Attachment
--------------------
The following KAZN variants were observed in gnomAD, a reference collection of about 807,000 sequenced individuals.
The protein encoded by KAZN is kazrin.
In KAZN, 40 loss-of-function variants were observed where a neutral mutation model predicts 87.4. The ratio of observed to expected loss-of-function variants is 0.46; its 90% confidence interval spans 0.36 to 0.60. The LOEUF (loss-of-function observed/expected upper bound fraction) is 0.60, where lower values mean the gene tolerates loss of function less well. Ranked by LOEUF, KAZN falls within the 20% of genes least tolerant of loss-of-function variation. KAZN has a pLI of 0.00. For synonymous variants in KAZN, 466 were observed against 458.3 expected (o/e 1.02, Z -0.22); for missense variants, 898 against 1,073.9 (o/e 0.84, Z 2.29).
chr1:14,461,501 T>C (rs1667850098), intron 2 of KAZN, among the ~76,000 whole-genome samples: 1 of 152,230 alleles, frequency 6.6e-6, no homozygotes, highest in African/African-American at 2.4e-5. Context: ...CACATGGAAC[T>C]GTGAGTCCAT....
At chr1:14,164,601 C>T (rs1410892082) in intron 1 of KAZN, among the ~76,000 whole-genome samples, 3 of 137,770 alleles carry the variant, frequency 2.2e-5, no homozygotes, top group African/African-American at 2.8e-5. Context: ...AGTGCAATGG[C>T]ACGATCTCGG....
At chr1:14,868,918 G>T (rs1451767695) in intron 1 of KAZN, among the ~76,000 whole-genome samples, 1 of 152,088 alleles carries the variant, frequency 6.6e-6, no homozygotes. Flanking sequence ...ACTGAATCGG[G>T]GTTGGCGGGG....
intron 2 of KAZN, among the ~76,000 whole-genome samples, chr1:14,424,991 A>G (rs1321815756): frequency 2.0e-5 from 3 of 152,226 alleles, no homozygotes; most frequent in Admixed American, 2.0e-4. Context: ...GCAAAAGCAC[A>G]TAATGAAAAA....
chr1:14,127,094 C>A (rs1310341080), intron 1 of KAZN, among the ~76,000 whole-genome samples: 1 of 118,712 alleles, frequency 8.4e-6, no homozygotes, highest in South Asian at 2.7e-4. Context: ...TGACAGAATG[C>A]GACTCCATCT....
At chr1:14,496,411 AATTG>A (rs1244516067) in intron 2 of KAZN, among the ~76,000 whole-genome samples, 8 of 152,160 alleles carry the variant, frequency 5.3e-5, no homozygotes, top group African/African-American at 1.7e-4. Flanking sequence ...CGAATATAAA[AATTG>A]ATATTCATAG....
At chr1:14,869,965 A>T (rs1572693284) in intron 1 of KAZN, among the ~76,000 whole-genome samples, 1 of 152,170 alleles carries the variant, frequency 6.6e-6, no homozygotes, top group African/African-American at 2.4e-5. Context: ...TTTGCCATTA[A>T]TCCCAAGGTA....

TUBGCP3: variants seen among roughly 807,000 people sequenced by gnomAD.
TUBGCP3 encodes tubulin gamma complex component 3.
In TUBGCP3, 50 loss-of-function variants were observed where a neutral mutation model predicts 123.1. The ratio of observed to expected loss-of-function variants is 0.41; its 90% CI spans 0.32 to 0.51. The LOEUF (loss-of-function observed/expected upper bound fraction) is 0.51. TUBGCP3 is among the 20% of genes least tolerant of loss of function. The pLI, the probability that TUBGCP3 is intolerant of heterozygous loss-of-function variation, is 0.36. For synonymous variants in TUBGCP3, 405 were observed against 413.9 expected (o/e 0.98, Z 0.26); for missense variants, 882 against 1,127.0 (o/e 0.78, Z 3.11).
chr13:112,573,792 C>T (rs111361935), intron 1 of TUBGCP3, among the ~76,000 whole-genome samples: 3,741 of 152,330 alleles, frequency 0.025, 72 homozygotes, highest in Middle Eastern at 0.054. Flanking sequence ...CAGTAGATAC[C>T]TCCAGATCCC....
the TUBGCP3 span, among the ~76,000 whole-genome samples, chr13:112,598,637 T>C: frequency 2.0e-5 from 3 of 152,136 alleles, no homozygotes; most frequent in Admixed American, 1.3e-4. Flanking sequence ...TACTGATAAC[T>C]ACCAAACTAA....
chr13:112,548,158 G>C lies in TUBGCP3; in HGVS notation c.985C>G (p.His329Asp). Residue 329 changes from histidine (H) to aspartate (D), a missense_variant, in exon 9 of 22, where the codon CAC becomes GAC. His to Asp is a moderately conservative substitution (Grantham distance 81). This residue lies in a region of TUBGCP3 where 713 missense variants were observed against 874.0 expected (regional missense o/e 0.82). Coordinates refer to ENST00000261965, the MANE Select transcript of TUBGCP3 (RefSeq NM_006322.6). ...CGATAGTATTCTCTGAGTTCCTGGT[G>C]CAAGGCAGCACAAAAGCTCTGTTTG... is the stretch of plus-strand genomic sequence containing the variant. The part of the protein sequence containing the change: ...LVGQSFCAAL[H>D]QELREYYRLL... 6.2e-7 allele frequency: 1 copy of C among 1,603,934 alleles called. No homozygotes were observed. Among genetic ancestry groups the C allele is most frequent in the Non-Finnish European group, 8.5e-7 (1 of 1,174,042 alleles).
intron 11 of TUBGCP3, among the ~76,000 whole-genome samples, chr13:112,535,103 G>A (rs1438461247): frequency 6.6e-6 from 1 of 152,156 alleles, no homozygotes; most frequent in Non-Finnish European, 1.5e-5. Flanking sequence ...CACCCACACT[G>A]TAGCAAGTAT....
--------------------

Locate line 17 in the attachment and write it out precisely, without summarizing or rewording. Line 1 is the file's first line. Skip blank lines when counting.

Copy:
intron 11 of TUBGCP3, among the ~76,000 whole-genome samples, chr13:112,535,103 G>A (rs1438461247): frequency 6.6e-6 from 1 of 152,156 alleles, no homozygotes; most frequent in Non-Finnish European, 1.5e-5. Flanking sequence ...CACCCACACT[G>A]TAGCAAGTAT....